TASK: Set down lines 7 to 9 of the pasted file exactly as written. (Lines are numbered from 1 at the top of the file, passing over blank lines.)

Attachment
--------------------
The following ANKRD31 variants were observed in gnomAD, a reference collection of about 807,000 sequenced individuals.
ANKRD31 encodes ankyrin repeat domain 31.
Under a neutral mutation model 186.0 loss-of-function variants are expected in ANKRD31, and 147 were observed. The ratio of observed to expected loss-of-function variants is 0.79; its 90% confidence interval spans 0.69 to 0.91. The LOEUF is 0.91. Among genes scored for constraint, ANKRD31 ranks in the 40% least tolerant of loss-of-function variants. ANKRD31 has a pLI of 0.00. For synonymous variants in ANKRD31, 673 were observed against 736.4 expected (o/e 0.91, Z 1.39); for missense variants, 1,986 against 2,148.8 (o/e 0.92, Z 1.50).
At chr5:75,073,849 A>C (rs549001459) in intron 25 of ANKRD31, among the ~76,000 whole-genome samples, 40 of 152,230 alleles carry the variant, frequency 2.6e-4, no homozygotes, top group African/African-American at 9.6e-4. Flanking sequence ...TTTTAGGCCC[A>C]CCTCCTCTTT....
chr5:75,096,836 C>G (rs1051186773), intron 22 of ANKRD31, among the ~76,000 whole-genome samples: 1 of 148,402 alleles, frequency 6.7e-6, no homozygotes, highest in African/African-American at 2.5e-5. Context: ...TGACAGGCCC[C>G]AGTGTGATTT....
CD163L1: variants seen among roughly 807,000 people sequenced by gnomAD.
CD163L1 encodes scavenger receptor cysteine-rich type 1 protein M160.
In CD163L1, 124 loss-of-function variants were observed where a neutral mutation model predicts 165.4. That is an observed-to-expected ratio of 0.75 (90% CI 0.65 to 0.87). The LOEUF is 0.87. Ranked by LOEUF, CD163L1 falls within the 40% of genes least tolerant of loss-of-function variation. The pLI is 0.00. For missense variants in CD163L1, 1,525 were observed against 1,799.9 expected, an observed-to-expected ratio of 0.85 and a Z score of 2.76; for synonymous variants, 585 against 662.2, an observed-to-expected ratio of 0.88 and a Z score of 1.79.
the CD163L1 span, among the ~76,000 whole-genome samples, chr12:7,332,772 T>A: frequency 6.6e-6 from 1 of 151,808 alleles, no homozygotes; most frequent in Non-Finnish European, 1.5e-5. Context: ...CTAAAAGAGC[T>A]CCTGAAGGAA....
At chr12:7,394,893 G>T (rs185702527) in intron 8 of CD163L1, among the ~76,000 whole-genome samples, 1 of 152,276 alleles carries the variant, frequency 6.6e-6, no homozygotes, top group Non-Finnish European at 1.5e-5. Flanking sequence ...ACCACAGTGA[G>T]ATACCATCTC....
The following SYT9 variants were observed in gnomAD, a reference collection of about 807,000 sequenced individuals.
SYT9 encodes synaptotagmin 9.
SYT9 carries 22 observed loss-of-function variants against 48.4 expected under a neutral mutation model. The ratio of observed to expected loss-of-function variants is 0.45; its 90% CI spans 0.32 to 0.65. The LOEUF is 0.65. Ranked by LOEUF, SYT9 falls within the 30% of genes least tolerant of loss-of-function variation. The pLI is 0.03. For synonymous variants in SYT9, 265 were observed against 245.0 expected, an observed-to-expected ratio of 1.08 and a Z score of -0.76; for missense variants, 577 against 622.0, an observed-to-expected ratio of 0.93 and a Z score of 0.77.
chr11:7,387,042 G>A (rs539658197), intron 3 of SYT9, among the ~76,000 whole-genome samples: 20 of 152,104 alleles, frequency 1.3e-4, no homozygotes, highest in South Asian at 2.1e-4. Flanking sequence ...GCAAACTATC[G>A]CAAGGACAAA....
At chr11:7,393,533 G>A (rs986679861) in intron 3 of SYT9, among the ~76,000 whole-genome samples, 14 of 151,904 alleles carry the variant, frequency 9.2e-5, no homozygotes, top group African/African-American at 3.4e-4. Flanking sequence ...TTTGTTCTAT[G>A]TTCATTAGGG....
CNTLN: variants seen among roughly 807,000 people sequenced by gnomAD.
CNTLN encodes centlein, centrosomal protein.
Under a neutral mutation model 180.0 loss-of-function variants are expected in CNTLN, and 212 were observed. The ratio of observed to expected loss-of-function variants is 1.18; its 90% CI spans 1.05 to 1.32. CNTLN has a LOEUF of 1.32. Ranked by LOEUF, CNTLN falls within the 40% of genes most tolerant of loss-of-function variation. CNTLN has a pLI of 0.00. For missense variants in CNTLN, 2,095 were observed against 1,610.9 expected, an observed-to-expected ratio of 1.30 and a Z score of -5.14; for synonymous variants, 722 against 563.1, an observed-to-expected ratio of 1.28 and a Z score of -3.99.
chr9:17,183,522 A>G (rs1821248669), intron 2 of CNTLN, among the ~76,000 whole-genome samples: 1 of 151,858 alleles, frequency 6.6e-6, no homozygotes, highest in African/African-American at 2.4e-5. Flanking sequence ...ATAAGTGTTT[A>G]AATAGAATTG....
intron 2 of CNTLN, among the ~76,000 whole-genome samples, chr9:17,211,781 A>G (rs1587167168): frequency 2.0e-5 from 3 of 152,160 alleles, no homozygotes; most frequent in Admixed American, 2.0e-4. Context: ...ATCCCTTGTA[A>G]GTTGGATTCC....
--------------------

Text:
CD163L1 encodes scavenger receptor cysteine-rich type 1 protein M160.
In CD163L1, 124 loss-of-function variants were observed where a neutral mutation model predicts 165.4. That is an observed-to-expected ratio of 0.75 (90% CI 0.65 to 0.87). The LOEUF is 0.87. Ranked by LOEUF, CD163L1 falls within the 40% of genes least tolerant of loss-of-function variation. The pLI is 0.00. For missense variants in CD163L1, 1,525 were observed against 1,799.9 expected, an observed-to-expected ratio of 0.85 and a Z score of 2.76; for synonymous variants, 585 against 662.2, an observed-to-expected ratio of 0.88 and a Z score of 1.79.
the CD163L1 span, among the ~76,000 whole-genome samples, chr12:7,332,772 T>A: frequency 6.6e-6 from 1 of 151,808 alleles, no homozygotes; most frequent in Non-Finnish European, 1.5e-5. Context: ...CTAAAAGAGC[T>A]CCTGAAGGAA....